DÜSSELDORF, GERMANY — Soft demand and harsh business conditions are prompting Degussa AG to enact a more drastic restructuring plan, including consolidating European PMMA molding compound production, closing a Plexiglas sheet casting line in Germany, and cutting additional jobs worldwide.
Dusseldorf-based Degussa already was making major changes following its acquisition this past March of Britain's Laporte plc. That deal created the world's second-largest chemicals maker, with sales of more than $15 billion and 18 production sites on three continents. A sharp downturn in business is leading the company to ax another 1,000 jobs by 2004, on top of the 3,000 it had already planned following the merger. The group employed about 57,500 as of Sept. 30.
Degussa predicted recently that 2001 pretax operating profit would tumble by 20-25 percent compared with a year ago. But, on the positive side, it also said that through this year's first nine months the specialty acrylics business unit “did particularly well” and that performance plastics helped drive up pretax earnings in its Plexiglas business unit.
Global overcapacity for polymethyl methacrylate, however, led Degussa's RÃ¶hm Methacrylates business unit last month to cease production of PMMA molding compound pellets in Wesseling, Germany, and consolidate it at its Worms, Germany, site. The company said that concentration of production at one site in Europe would not affect product quality or its ability to supply customers worldwide on a just-in-time basis. The group, via its Cyro Industries joint venture, continues to make PMMA compounds at sites in Wallingford, Conn., Osceola, Ark., and Sanford, Maine.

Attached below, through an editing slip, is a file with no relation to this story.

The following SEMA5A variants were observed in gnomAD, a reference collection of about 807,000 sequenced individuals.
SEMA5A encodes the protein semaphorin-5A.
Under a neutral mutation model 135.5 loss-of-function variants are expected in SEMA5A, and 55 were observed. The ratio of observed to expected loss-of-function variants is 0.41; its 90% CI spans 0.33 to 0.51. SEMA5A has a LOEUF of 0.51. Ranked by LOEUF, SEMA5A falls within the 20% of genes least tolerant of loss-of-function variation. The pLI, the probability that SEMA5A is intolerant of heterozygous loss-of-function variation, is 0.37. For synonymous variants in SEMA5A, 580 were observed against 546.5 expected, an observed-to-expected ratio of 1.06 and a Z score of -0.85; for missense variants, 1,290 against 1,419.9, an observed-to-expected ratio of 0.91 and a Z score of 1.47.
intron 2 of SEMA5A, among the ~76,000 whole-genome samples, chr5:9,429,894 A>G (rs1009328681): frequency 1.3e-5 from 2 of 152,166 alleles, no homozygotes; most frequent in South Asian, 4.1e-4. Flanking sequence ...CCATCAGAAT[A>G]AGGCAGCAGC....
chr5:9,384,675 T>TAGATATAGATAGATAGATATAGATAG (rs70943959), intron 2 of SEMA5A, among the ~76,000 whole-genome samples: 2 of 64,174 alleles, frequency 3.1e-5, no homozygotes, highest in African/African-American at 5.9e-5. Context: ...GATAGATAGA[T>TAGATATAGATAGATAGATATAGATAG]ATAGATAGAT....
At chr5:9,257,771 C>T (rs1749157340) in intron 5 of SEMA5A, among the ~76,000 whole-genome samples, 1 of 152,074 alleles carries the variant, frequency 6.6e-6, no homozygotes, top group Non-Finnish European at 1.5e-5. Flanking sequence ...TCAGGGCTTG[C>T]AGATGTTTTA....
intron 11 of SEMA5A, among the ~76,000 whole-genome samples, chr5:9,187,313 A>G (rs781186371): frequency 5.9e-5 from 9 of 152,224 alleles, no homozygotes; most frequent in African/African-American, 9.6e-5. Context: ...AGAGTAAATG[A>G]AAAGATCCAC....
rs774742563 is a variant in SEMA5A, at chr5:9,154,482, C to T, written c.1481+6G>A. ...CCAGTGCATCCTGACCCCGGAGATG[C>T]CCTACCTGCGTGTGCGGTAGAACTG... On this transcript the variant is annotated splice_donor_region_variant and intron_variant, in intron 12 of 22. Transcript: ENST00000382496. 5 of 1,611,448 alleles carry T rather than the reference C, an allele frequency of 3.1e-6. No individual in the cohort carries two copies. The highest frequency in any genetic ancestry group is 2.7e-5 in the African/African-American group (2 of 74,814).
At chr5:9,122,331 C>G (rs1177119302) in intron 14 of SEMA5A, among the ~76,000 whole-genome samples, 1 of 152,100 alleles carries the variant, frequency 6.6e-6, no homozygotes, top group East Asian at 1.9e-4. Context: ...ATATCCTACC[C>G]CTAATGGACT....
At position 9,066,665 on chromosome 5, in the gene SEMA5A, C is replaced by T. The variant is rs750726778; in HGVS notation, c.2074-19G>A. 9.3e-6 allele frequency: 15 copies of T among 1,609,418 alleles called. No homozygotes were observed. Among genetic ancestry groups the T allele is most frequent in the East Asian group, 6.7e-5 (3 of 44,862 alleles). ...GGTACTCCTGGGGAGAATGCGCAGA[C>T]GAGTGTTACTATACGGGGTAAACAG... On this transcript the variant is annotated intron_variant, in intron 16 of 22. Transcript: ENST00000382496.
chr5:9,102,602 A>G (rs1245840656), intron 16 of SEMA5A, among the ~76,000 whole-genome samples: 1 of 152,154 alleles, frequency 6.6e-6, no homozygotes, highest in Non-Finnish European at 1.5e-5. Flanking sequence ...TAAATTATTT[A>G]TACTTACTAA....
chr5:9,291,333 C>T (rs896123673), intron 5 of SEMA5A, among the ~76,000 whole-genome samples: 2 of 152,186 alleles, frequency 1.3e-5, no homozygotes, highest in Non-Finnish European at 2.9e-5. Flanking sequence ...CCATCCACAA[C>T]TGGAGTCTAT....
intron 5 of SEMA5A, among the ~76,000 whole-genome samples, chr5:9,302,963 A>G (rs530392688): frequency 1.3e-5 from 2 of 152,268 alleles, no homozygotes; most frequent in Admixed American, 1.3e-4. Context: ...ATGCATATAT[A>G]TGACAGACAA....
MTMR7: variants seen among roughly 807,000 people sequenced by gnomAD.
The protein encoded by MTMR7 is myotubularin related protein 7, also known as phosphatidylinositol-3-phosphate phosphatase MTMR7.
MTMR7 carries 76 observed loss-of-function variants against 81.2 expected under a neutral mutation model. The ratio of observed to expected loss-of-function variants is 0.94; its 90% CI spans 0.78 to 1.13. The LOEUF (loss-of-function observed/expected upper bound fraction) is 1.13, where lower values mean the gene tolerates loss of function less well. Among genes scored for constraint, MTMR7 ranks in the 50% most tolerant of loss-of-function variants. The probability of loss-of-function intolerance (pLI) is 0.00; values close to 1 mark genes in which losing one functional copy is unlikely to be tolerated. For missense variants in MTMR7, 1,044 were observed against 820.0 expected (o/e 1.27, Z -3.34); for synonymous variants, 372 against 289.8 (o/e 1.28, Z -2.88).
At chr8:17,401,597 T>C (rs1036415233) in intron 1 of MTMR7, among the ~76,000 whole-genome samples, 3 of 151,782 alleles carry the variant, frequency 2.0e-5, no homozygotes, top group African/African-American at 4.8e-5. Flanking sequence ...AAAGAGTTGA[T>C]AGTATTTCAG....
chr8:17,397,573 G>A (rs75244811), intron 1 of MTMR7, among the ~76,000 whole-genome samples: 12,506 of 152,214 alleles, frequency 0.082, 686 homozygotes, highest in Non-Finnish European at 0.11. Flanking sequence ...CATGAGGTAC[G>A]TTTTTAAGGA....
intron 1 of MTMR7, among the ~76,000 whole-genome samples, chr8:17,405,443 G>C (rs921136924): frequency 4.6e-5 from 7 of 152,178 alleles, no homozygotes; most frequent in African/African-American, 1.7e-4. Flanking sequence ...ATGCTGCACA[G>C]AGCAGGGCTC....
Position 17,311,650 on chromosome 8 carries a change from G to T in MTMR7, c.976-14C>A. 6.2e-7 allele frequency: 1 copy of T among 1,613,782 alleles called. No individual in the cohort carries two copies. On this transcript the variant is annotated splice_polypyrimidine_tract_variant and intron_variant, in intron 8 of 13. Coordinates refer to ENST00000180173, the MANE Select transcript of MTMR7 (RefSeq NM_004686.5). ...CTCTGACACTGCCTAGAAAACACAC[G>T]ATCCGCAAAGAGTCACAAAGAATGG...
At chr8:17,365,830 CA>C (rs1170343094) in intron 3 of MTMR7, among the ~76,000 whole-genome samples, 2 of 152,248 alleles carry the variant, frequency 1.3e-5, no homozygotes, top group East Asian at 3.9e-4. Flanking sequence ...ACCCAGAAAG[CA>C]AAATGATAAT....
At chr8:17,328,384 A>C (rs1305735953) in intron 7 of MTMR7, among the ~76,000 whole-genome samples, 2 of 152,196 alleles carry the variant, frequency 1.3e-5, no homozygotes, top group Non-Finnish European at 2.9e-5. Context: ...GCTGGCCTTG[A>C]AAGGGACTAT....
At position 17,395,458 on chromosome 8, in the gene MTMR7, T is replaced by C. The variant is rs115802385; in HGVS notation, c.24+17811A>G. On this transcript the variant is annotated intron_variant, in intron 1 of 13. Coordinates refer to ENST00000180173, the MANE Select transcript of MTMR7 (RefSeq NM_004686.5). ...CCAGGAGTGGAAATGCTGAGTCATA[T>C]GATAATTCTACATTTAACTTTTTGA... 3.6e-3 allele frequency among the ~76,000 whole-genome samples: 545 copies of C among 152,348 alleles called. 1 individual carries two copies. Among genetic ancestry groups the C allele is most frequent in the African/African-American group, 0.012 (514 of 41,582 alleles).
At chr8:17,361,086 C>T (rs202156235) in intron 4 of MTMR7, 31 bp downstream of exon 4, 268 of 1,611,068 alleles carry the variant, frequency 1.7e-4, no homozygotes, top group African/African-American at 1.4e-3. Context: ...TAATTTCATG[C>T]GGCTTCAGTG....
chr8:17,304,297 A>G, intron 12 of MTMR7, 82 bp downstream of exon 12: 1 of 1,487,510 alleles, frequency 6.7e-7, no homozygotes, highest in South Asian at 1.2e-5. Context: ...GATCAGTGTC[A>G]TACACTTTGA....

In a Nov. 12 statement, Degussa Chairman Utz-Hellmuth Felcht also noted the company this summer closed a Plexiglas PMMA casting line in Darmstadt, Germany, as part of “product optimization measures.” RÃ¶hm owns the Plexiglas trade name worldwide, except in the Americas, where it markets those materials as Acrylite. RÃ¶hm continues to make cast acrylic sheet in Austria, Portugal, and Weiderstadt, Germany, as well as in the United States, via Cyro.
Felcht also noted that Degussa is accelerating actions to close eight unprofitable plants worldwide, temporarily shut down six other plants, slash planned capital investment by nearly 80 percent, and introduce short-time working in three plants.
Meantime, RÃ¶hm pointed out that it continues to expand into specialty foam products. The firm acquired Inspec Foams Inc. in Plano, Texas, earlier this year as part of its parent's merger with Laporte, and added Inspec's Solimide high-temperature-resistant polyimide foam to its portfolio as a result. Those products, manufactured by Inspec in Magnolia, Ark., are used for thermal and acoustic insulation.